Substituting Integration with trigonometric function

  • #1

Homework Statement



[itex]\int_{1}^{5}\sqrt{4-(x-3)^2}dx[/itex]

Homework Equations





The Attempt at a Solution


Not really a homework. Just curious.

Let [itex]x-3=2sin u[/itex]
[itex]x=2sin u+3[/itex]

Now limit change,
when x=1, u = arcsin (-1)
when x=5, u = arcsin (1)

Since there are infinitely many solution of arcsin (-1) and arcsin (1), How do we know which ones to choose?

Thank you very much
 
Last edited:

Answers and Replies

  • #2
94
1
[itex]\int_{1}^{5}\sqrt{4-(x-3)^2}dx[/itex]

You have to write itex for the Latex to work, not tex. And the ending tag is /itex with a forward slash, not \itex with a backward slash.

Also, show your attempt at a solution or nobody will help you.
 
  • #3
94
1
There are not infinitely many solutions to [itex]sin^{-1}(-1)[/itex] and [itex]sin^{-1}(1)[/itex]. The range of [itex]sin^{-1}(x)[/itex] is [itex][-\frac{π}{2},\frac{π}{2}][/itex].

EDIT: While trigonometric substitution is a valid way to solve this definite integral, you can also solve the problem by thinking about what the graph of [itex]y=\sqrt{4-(x-3)^{2}}[/itex] is, and remembering that a definite integral is the area between the curve and the x-axis.
 
Last edited:
  • #4
There are not infinitely many solutions to [itex]sin^{-1}(-1)[/itex] and [itex]sin^{-1}(1)[/itex]. The range of [itex]sin^{-1}(x)[/itex] is [itex][-\frac{π}{2},\frac{π}{2}][/itex].

Why is that? can't it be [3∏/2, 5∏/2]? or let's say [-∏/2 , 5∏/2] ?
 
  • #5
There are not infinitely many solutions to [itex]sin^{-1}(-1)[/itex] and [itex]sin^{-1}(1)[/itex]. The range of [itex]sin^{-1}(x)[/itex] is [itex][-\frac{π}{2},\frac{π}{2}][/itex].

EDIT: While trigonometric substitution is a valid way to solve this definite integral, you can also solve the problem by thinking about what the graph of [itex]y=\sqrt{4-(x-3)^{2}}[/itex] is, and remembering that a definite integral is the area between the curve and the x-axis.

I know. I can solve this integral by modelling it as a semi circle and find the area.

But here, I am curious about the trigonometric substitution.
 
  • #6
94
1
I'm not sure "why" exactly. But if I had to guess I'd say just because. That's the way the inverse sine function was defined. It was given a restricted range. I'm not sure you need a reason why since it's in the definition of the inverse sine function.

EDIT: You can use [itex]\frac{3π}{2}[/itex] as your lower limit of integration and [itex]\frac{5π}{2}[/itex] as your upper limit if you want. You'll get the same answer since [itex]4cos^{2}u[/itex], the integrand you end up with after the substitution, has a period of [itex]π[/itex].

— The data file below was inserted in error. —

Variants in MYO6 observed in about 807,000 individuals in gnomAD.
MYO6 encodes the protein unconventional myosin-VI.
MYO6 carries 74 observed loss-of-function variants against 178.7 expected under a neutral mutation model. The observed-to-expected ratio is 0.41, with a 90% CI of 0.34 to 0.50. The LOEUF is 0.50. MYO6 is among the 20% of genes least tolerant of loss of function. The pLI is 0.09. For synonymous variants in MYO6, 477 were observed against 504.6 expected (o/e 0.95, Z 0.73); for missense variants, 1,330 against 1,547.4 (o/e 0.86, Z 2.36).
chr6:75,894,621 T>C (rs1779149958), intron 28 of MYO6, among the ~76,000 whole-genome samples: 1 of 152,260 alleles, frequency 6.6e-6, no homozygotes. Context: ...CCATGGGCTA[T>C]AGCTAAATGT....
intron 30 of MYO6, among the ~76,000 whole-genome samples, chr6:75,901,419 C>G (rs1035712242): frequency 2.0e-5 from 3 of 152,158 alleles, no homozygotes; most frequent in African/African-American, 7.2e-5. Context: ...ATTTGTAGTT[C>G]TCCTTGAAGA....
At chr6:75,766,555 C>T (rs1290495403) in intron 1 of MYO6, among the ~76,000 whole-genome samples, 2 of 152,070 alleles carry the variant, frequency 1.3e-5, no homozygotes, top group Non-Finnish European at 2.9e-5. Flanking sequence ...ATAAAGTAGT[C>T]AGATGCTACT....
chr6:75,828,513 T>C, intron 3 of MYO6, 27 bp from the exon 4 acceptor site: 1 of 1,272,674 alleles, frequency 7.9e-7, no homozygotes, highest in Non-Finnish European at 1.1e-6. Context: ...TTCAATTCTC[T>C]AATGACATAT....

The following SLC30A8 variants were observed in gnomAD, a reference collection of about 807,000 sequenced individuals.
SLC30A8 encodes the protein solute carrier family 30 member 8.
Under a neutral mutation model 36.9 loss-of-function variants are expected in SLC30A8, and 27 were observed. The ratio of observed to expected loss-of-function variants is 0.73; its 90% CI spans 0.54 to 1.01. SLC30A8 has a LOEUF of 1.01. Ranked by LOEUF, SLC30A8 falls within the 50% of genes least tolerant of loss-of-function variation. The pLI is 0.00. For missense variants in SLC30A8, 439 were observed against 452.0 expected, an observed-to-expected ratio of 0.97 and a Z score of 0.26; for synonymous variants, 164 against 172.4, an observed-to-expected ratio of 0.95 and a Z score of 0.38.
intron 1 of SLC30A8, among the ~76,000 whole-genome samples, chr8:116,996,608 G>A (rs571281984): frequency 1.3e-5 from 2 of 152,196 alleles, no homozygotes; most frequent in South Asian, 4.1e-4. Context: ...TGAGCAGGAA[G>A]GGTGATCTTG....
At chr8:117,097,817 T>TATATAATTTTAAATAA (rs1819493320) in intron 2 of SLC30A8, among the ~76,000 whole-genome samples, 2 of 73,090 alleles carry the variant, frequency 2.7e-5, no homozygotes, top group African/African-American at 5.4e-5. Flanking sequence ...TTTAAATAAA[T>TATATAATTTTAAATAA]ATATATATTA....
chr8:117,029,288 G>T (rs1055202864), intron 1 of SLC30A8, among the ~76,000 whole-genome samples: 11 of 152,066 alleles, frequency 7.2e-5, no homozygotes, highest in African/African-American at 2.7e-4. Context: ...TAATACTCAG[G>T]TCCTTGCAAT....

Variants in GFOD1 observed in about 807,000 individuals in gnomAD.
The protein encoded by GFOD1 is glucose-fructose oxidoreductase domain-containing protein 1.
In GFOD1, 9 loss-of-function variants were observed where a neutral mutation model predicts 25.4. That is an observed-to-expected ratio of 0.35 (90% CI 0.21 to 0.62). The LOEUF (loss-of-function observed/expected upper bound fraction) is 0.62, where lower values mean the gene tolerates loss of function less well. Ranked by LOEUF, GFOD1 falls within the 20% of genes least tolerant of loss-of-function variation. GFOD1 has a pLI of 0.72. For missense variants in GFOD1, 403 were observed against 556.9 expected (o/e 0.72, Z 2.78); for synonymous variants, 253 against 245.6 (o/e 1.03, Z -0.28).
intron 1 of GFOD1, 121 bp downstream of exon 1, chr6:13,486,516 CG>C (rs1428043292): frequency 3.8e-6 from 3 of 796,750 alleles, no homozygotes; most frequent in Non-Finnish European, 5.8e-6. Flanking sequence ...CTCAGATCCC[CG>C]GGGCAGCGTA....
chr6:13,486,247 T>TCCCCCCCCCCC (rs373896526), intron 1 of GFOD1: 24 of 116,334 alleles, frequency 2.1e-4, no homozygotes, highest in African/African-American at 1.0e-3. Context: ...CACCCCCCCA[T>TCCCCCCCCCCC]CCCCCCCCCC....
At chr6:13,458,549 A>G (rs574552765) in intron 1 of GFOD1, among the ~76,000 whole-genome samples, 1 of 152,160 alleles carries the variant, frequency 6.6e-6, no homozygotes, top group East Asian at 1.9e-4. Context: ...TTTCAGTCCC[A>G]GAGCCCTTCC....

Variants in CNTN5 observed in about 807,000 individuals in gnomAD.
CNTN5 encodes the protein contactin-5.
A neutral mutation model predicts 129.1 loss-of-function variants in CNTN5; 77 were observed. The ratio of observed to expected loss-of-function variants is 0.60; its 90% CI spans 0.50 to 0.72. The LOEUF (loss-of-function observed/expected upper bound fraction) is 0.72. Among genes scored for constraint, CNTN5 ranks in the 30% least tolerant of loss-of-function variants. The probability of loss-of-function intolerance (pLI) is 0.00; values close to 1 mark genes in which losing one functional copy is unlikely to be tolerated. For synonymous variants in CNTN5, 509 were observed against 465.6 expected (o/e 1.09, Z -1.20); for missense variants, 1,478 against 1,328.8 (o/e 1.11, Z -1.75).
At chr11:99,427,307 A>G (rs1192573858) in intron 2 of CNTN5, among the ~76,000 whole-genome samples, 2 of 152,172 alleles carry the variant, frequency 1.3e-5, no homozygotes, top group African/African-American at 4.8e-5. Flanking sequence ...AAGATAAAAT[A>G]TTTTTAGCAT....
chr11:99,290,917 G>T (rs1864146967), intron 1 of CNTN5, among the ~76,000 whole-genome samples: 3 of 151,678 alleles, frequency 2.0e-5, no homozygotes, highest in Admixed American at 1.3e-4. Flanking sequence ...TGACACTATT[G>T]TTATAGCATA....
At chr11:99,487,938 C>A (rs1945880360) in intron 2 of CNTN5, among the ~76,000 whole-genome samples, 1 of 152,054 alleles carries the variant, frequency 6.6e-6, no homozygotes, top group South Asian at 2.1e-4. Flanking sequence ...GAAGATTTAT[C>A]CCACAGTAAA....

Last edited:
  • #7
Ray Vickson
Science Advisor
Homework Helper
Dearly Missed
10,706
1,722

Homework Statement



[itex]\int_{1}^{5}\sqrt{4-(x-3)^2}dx[/itex]

Homework Equations





The Attempt at a Solution


Not really a homework. Just curious.

Let [itex]x-3=2sin u[/itex]
[itex]x=2sin u+3[/itex]

Now limit change,
when x=1, u = arcsin (-1)
when x=5, u = arcsin (1)

Since there are infinitely many solution of arcsin (-1) and arcsin (1), How do we know which ones to choose?

Thank you very much

When you change variables to [itex] x = 3 + 2 \sin(t)[/itex] you can see directly that [itex]x[/itex] ranges from 1 to 5 when [itex]t[/itex] ranges from [itex] -\pi/2 \text{ to } \pi/2. [/itex] We don't need to bother with different branches of the arcsin function; in fact, we can forget about arcsin completely----just look at the original requirements.

BTW: it is perfectly OK to use "[tex ]" and "[/tex ]" (no spaces); that will give you a displayed result, like [tex] \int_1^5 \sqrt{4 - (x-3)^2} \, dx, [/tex] instead of the in-line result you get when using "[itex ]" and "[/itex ]", which would write the same expression as [itex] \int_1^5 \sqrt{4 - (x-3)^2} \, dx.[/itex]

RGV
 
  • #8
SammyS
Staff Emeritus
Science Advisor
Homework Helper
Gold Member
11,365
1,033
...

Now limit change,
when x=1, u = arcsin (-1)
when x=5, u = arcsin (1)

Since there are infinitely many solution of arcsin (-1) and arcsin (1), How do we know which ones to choose?

Thank you very much
BTW, there are not infinitely many solutions for arcsin(-1) and arcsin(1).

The arcsine function is a perfectly well-defined function for which arcsin(-1) = -π/2 and arcsin(1) = π/2 .

However, each of the following two equations do have infinitely many solutions.
[itex]1=2\sin(u)+3[/itex]

[itex]5=2\sin(u)+3[/itex]​
As Ray V. mentioned, you don't need to consider all of those solutions for this problem.
 
  • #9
Alright. Thank you so much, you guys.
 

Related Threads on Substituting Integration with trigonometric function

Replies
5
Views
3K
Replies
2
Views
2K
Replies
3
Views
1K
Replies
4
Views
1K
Replies
2
Views
2K
Replies
3
Views
3K
Replies
9
Views
2K
Replies
4
Views
2K
Top